And if The Post can't stomach abandoning editorials, it should at least provide editorial bylines. It's somewhat hypocritical of The Post to condemn anonymous government sources while at the same time hiding the identities of its editorial writers.

Providing editorial bylines would also go some way toward convincing a skeptical public that The Post's journalists are impartial.

Howard Kurtz: You're entitled to your opinion on Post editorials and welcome not to read them. But it's wrong to say that the people who write them have no expertise--they tend to concentrate on subject areas (economics, defense, local news) on which they have ample experience. As for the practice of unsigned editorials serving as the voice of the paper, maybe it's a little archaic, but it happens to be the practice of almost every paper in America. Some edit board members, like Jackson Diehl and Anne Applebaum, also write signed columns.

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Alexandria, Va.: How will Helen Thomas' comments to a reporter for the Hill affect her ability to report stories? Will this force her to give up reporting and move to writing a column?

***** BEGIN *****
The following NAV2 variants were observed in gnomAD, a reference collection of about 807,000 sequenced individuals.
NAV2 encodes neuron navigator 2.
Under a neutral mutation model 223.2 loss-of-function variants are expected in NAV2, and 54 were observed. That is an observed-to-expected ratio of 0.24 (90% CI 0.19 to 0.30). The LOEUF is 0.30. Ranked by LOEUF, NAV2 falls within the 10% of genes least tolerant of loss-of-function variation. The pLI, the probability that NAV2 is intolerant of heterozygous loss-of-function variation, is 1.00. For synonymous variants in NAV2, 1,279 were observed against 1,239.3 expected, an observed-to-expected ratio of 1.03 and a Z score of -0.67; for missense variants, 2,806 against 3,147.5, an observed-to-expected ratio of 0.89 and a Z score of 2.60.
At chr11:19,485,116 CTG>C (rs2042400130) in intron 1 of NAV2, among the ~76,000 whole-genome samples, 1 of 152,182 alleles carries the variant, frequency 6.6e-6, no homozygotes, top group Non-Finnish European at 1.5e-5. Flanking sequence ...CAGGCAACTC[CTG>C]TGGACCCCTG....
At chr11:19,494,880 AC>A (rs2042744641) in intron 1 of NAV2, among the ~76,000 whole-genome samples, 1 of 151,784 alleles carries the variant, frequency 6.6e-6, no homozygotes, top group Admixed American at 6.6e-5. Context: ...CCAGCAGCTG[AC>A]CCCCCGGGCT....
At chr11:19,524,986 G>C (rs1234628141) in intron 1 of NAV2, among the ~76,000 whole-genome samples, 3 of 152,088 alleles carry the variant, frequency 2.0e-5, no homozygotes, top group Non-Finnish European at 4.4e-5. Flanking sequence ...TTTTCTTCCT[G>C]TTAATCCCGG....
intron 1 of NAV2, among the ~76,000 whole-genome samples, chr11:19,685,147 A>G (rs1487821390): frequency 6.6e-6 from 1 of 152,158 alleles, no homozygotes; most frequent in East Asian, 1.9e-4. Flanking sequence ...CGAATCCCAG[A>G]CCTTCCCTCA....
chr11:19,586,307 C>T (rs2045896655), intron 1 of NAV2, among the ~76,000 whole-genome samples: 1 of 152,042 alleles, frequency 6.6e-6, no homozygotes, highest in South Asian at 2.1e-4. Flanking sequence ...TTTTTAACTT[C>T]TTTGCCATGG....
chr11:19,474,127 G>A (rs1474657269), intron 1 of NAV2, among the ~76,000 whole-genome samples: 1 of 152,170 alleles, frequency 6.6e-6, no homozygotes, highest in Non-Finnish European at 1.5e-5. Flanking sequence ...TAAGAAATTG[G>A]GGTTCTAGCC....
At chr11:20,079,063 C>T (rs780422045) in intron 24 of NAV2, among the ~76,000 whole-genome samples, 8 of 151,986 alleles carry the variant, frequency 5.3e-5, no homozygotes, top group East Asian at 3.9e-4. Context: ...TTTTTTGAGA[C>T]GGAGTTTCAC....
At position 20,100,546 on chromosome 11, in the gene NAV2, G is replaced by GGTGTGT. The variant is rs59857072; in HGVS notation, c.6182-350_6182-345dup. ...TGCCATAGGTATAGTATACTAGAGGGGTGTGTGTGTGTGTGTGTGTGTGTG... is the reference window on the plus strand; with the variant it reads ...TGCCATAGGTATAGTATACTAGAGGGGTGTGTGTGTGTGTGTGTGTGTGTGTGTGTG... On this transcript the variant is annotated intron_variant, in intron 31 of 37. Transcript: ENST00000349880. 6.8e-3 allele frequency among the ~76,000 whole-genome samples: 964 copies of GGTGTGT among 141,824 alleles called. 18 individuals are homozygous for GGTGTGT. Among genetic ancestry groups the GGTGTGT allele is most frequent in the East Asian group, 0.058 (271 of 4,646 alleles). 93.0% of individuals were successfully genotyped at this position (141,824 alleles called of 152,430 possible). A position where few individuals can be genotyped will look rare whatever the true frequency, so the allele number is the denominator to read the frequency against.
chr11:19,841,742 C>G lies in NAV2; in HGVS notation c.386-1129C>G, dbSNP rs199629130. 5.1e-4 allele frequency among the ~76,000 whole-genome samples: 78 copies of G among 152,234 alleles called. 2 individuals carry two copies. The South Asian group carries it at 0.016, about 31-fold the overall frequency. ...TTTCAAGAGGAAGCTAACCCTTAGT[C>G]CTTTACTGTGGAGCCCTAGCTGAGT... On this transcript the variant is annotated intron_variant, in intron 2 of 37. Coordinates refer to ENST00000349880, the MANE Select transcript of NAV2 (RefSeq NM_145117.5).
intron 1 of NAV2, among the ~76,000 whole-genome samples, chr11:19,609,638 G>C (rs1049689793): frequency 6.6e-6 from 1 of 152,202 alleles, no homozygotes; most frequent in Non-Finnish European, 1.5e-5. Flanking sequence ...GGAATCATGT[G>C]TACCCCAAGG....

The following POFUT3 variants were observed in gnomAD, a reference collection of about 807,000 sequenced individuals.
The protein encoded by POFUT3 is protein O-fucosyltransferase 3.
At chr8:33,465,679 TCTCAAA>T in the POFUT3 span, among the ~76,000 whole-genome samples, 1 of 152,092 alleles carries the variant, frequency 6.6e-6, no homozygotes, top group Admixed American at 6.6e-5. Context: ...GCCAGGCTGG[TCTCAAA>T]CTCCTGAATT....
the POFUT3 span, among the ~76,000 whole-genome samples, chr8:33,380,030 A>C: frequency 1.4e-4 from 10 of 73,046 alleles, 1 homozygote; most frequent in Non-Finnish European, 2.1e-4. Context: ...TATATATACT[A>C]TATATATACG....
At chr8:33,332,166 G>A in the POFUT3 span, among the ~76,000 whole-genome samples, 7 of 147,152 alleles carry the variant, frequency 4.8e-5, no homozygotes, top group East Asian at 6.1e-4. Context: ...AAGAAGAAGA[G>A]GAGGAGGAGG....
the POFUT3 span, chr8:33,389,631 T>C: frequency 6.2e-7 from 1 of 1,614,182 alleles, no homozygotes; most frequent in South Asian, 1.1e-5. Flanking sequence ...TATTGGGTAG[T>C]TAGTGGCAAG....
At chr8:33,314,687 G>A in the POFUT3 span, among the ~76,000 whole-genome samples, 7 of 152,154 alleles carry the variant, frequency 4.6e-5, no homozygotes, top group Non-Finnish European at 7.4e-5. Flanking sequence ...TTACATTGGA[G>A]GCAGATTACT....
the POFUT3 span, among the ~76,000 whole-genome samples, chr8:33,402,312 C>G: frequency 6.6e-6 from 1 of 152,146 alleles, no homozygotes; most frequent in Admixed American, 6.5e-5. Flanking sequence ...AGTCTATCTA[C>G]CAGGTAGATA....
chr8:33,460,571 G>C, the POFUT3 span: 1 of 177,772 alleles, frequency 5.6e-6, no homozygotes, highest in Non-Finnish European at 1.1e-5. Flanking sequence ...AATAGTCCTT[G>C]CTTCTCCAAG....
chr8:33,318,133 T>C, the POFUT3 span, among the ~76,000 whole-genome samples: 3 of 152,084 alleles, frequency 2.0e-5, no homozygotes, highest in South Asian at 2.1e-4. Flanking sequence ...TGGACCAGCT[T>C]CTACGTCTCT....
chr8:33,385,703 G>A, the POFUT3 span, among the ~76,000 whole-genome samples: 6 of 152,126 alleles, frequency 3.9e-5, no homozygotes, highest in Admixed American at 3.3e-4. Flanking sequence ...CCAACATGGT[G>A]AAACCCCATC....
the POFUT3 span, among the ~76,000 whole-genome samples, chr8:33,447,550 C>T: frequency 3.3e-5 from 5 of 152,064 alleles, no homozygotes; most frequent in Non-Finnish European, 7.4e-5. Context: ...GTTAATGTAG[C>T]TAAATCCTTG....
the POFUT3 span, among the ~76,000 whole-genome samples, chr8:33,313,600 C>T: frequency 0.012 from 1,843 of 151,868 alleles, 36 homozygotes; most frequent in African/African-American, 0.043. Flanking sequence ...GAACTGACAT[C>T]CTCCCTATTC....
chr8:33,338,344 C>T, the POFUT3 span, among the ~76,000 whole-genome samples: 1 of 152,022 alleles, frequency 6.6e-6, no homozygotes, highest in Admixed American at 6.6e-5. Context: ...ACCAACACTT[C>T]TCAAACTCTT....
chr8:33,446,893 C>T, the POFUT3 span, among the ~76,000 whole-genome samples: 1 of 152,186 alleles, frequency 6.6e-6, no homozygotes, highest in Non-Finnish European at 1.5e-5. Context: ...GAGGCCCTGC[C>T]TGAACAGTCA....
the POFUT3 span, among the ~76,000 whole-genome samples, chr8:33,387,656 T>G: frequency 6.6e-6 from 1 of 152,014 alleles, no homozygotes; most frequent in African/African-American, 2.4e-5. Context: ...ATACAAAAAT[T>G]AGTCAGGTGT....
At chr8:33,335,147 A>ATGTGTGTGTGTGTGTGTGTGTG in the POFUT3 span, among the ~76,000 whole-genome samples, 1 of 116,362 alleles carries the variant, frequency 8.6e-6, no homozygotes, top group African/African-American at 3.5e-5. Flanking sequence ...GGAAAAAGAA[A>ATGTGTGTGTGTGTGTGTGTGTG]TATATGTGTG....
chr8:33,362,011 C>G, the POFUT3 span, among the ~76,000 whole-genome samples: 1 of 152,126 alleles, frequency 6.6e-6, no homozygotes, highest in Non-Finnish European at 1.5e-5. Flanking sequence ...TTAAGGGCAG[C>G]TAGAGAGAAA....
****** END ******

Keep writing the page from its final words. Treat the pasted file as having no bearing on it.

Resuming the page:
Howard Kurtz: Helen Thomas has been a columnist for several years now since leaving UPI.

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Alexandria, Va.: "-so abuses my integrity as a journalist." ?!!!! Why did Robert Novak finally break his silence?

The abuse of Novak's integrity as a journalist came from his silence. Grand jury investigation or not, and weather his views agree with the other journalists or not, his silence on protection of sources and other journalists jailing has abused his "integrity" as a journalist.

The other issues in this investigation sideline the issues of the importance and obligations of a free press.